For Baselworld 2018, Rolex has decided to give the people what they want; or at least, what they have been asking for since 2014 – a new GMT-Master II with blue and red ‘Pepsi’ bezel. QP has hands-on pics and prices.
By Chris Hall
This is the flagship launch of Rolex’s year: a new GMT-Master II that finally answers the prayers of everyone who saw Rolex revive the Pepsi colour scheme at Baselworld 2014, rushed towards it, then realised with a heart-sinking feeling that it was only available in white gold.
Now you can buy the iconic GMT-Master II in steel with the original red and blue bezel combination. But there’s more to this story than that. This watch is only being produced with a “jubilee” bracelet, for one thing.
That lends it a distinguished, sophisticated feel – and also seems lighter on the wrist than the equivalant Oyster bracelet (although Rolex couldn’t confirm that there is a serious weight difference). This is the only Oyster Professional to have a Jubilee bracelet, but it’s not the first GMT to do so – that happened back in 1957, two years after the model debuted.
Should you need a reminder, the GMT-Master dates back to 1955, and was produced by Rolex to meet the growing demands of commercial airline pilots (becoming particularly associated with Pan-Am). It is capable of keeping time in three timezones if you’re clever – one as normal, one with the second hour hand and one with the bezel, although it’s designed to work best with two zones. It’s known as a “proper” GMT for the ability to set the hour hand independently of running time, backwards or forwards – most GMT’s can’t do this.
Here, a lot has changed. Even the steel itself is also different – in a way. Rolex has re-branded its 904L alloy as “Oystersteel”, and henceforth all Rolex steel watches will be so known. Nothing has changed about the precise chemical makeup of the steel, although Rolex claims that measures have been taken in the production process to improve its ability to take a fine polish.
Inside, the GMT-Master II has a new movement: in-house calibre 3285. It’s still a superlative chronometer, good for +/-2 seconds per day; now it’s fully amagnetic and has a power reserve boosted to 70 hours (one could hardly have younger sibling Tudor outdoing Rolex on the stamina, after all).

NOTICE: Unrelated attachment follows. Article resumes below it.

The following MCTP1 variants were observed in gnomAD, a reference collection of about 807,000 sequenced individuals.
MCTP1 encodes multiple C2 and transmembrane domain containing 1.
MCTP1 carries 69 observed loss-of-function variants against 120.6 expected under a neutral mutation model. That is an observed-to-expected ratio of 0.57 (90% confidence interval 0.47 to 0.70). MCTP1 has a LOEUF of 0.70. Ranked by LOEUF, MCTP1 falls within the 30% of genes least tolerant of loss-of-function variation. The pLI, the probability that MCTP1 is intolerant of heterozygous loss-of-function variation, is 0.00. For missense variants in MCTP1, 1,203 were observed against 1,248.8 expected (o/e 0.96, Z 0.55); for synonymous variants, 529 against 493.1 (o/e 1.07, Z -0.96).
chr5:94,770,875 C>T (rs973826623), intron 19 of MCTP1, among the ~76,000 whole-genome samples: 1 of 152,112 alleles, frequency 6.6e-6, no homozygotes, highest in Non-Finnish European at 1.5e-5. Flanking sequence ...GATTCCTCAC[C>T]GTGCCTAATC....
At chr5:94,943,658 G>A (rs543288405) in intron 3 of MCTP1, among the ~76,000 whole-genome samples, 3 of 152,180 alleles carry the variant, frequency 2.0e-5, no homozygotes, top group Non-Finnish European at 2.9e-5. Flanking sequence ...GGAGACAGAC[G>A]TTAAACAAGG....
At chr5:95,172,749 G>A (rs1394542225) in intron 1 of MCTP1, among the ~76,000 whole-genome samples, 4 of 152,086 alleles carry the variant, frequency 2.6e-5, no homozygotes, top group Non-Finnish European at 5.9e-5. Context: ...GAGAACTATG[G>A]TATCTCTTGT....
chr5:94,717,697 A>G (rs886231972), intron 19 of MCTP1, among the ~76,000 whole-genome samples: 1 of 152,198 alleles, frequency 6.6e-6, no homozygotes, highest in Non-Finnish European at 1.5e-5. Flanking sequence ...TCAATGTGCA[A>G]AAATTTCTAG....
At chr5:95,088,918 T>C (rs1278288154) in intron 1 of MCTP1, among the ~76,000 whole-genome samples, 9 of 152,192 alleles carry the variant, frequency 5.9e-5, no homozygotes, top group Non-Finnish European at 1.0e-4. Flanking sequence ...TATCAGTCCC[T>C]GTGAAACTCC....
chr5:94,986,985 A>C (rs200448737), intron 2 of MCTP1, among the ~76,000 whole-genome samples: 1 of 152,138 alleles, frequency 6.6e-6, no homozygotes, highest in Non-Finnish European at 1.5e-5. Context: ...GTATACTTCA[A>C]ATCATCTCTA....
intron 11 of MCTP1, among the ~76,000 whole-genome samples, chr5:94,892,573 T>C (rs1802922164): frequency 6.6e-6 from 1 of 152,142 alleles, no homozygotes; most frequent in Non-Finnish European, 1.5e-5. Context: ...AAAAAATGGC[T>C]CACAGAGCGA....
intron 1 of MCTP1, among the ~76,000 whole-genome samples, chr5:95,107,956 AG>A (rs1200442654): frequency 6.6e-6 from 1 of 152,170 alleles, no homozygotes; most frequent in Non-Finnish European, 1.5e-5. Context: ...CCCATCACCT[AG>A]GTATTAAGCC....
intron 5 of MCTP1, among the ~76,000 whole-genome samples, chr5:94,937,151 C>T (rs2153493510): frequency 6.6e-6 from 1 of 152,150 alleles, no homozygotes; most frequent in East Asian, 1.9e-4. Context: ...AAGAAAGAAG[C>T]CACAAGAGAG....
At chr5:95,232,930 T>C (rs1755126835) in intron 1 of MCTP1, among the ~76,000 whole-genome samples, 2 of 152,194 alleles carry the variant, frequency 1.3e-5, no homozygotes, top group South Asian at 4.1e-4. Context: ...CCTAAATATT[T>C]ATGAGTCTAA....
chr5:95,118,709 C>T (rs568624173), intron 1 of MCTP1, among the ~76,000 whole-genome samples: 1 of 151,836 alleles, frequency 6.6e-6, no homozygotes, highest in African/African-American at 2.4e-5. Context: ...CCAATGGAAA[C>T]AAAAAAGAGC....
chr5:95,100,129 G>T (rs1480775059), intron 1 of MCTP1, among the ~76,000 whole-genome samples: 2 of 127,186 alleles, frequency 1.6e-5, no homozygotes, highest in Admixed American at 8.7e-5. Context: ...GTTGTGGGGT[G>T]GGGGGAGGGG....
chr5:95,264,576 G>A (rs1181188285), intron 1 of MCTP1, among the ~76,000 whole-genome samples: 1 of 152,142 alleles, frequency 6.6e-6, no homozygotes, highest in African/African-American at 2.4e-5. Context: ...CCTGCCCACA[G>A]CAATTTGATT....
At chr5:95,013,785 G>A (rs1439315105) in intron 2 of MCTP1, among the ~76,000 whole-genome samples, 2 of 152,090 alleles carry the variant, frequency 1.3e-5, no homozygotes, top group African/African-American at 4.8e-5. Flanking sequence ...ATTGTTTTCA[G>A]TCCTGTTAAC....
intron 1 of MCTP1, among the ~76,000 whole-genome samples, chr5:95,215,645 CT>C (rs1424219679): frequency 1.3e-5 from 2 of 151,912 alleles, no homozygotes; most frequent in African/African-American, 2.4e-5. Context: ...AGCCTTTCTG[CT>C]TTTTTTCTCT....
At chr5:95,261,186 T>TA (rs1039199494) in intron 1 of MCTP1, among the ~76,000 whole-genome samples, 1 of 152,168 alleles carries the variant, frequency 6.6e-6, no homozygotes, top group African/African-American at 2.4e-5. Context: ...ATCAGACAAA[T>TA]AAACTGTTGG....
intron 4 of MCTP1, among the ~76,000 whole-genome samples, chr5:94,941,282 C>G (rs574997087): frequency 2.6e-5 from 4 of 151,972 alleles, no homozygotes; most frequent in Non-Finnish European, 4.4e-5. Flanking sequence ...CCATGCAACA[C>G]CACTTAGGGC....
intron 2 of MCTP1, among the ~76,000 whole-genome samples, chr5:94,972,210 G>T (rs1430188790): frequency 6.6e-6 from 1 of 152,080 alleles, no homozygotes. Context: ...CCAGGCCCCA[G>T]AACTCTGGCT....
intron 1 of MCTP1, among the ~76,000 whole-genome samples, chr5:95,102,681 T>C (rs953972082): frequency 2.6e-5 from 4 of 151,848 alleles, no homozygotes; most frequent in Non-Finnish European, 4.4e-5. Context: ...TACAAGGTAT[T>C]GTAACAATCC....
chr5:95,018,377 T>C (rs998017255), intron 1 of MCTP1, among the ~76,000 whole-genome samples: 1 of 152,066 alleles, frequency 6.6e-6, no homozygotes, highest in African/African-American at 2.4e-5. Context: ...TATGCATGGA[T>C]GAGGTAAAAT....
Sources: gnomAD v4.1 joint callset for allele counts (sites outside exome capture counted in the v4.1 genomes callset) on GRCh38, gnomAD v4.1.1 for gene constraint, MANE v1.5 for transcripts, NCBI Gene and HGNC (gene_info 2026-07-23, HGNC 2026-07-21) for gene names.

The bezel insert is the same two-tone ceramic that we saw in 2014 on the white gold GMT-Master. This is in fact a disc of red ceramic which undergoes a chemical treatment to the upper side of one half that turns it blue. Red ceramic (something I think we’re going to be hearing a lot about this year) is challenging to produce if you want to satisfactorily blend richness of colour and durability, and Rolex makes a point of the amount of testing that went into getting it just right. On the wrist, there’s a softness to it, almost a pastel nature. That’s not to say the colour isn’t vivid, but it’s a world apart from the strident colour of the aluminium insert you see at Tudor.
Perhaps conscious that, apart from the Jubilee bracelet (which is actually the fancier option, so seems a little bit unusual in the steel rather than the gold watch), this GMT-Master is at-a-glance very similar to the 2014 model, Rolex has announced that the white gold GMT-Master II will now only be available with a blue dial, leaving black for the steel reference.
The Rolex GMT-Master II reference 126710BLRO will retail at CHF 8,800 – we’ll add UK prices as soon as we have them. That compares to CHF 8,500 for the BLNR “Batman” from a couple of years ago, so expect the BLRO to command a similar premium in the UK.